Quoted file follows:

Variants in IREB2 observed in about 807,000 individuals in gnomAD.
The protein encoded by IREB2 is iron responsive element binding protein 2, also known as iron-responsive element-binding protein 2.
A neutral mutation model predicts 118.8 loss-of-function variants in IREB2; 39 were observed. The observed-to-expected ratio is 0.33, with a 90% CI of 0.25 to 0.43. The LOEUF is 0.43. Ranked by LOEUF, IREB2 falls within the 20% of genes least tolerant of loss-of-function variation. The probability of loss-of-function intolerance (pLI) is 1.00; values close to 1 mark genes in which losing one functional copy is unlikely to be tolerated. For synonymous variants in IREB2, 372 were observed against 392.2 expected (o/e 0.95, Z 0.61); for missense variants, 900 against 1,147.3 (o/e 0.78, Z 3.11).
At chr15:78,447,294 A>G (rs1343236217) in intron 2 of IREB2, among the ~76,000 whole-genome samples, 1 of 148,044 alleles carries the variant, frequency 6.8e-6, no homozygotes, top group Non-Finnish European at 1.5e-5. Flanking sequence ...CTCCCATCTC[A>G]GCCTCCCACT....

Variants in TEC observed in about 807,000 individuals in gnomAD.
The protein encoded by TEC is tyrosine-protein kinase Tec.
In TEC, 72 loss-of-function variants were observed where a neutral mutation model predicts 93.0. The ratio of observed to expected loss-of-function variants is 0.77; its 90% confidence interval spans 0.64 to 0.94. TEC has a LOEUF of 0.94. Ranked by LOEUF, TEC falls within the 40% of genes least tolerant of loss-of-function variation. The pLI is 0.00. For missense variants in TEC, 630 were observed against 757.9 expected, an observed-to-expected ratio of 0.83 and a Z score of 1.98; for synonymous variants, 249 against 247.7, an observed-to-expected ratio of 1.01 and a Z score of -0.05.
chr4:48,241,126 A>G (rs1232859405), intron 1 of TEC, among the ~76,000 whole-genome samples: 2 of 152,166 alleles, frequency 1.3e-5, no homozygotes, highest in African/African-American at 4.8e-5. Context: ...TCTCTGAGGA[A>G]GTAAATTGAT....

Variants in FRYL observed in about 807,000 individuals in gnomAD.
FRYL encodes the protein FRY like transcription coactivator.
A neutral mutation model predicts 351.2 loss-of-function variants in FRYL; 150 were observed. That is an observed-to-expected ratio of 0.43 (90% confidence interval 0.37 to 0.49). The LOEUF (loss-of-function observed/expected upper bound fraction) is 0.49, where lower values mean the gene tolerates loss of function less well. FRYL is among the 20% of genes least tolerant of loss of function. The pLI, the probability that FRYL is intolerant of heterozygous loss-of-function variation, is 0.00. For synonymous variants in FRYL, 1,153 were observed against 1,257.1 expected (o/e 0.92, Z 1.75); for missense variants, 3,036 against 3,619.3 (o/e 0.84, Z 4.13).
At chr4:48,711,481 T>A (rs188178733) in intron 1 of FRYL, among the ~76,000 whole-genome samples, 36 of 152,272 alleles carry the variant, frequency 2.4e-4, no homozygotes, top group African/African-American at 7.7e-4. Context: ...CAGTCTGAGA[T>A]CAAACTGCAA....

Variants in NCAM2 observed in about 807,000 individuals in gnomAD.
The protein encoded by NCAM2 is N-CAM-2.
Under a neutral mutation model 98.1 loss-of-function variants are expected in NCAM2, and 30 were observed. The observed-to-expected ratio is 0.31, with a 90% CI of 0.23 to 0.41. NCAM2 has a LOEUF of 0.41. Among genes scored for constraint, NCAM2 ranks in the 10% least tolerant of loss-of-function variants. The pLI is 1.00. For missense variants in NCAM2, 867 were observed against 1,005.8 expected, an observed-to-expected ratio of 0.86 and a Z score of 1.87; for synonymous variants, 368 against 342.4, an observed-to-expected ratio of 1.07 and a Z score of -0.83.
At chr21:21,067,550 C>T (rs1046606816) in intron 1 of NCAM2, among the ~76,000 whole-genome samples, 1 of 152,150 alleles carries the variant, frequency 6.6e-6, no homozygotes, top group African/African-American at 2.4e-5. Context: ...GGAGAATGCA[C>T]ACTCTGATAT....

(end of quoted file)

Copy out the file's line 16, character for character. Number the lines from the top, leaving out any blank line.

At chr21:21,067,550 C>T (rs1046606816) in intron 1 of NCAM2, among the ~76,000 whole-genome samples, 1 of 152,150 alleles carries the variant, frequency 6.6e-6, no homozygotes, top group African/African-American at 2.4e-5. Context: ...GGAGAATGCA[C>T]ACTCTGATAT....